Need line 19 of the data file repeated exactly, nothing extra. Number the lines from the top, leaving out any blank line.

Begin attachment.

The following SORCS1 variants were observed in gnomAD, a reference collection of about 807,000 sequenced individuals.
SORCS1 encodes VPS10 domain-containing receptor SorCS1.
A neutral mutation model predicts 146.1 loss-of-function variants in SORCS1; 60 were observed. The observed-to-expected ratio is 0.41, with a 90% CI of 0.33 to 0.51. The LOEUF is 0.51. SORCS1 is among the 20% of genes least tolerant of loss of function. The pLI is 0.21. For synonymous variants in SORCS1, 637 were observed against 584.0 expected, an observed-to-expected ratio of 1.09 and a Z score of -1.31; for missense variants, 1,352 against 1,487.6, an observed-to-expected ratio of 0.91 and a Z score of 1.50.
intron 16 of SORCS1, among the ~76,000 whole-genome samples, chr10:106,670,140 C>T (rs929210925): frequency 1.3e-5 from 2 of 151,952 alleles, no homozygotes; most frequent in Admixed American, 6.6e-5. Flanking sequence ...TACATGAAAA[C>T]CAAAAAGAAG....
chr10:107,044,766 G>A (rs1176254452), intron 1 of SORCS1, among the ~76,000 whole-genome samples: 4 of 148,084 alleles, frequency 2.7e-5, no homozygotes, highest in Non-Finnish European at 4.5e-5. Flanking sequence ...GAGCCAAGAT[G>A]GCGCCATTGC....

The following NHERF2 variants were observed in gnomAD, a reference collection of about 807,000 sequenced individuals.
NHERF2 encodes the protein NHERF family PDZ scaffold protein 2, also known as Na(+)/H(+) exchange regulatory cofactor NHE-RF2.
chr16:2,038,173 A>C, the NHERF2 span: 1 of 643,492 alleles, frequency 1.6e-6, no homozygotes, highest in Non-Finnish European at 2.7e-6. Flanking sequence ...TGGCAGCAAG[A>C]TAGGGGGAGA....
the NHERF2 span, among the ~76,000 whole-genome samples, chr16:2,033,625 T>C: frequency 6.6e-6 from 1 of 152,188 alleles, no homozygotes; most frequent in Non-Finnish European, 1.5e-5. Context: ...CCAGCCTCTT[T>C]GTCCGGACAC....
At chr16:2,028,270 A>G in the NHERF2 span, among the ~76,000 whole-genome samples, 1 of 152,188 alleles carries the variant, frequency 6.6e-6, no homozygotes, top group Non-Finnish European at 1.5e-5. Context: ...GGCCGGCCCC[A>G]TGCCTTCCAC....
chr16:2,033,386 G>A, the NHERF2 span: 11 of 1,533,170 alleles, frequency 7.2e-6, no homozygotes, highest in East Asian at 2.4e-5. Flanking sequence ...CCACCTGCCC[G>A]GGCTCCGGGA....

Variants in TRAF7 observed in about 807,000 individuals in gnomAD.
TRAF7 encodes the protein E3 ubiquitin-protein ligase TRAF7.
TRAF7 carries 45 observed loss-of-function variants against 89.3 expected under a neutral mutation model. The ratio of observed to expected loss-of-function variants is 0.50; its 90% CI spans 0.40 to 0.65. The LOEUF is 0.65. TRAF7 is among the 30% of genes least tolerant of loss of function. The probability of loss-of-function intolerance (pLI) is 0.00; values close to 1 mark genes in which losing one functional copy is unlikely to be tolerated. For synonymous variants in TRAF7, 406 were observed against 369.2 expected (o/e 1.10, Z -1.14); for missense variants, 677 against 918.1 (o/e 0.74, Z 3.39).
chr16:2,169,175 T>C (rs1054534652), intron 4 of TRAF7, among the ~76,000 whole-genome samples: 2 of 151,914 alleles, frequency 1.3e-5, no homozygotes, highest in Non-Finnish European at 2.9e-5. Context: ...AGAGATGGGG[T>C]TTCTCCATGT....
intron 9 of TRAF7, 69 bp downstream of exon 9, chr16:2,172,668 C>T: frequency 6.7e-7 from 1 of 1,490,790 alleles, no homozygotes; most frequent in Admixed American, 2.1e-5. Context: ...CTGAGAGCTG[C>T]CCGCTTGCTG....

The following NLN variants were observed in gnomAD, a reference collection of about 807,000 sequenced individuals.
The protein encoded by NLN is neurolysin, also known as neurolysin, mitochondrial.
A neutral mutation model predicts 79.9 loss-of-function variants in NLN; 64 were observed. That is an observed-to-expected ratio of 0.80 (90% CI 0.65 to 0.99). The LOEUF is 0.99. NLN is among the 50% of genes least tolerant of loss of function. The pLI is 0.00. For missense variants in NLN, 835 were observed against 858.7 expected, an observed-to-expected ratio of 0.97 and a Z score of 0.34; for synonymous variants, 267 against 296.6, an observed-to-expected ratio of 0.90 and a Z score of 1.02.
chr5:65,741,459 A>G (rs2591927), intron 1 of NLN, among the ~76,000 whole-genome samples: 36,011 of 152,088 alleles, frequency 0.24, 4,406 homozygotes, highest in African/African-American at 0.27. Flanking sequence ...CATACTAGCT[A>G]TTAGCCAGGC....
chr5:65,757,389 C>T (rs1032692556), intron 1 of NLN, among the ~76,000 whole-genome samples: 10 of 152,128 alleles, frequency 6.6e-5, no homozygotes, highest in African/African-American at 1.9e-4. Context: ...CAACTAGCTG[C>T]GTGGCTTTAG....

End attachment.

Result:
A neutral mutation model predicts 79.9 loss-of-function variants in NLN; 64 were observed. That is an observed-to-expected ratio of 0.80 (90% CI 0.65 to 0.99). The LOEUF is 0.99. NLN is among the 50% of genes least tolerant of loss of function. The pLI is 0.00. For missense variants in NLN, 835 were observed against 858.7 expected, an observed-to-expected ratio of 0.97 and a Z score of 0.34; for synonymous variants, 267 against 296.6, an observed-to-expected ratio of 0.90 and a Z score of 1.02.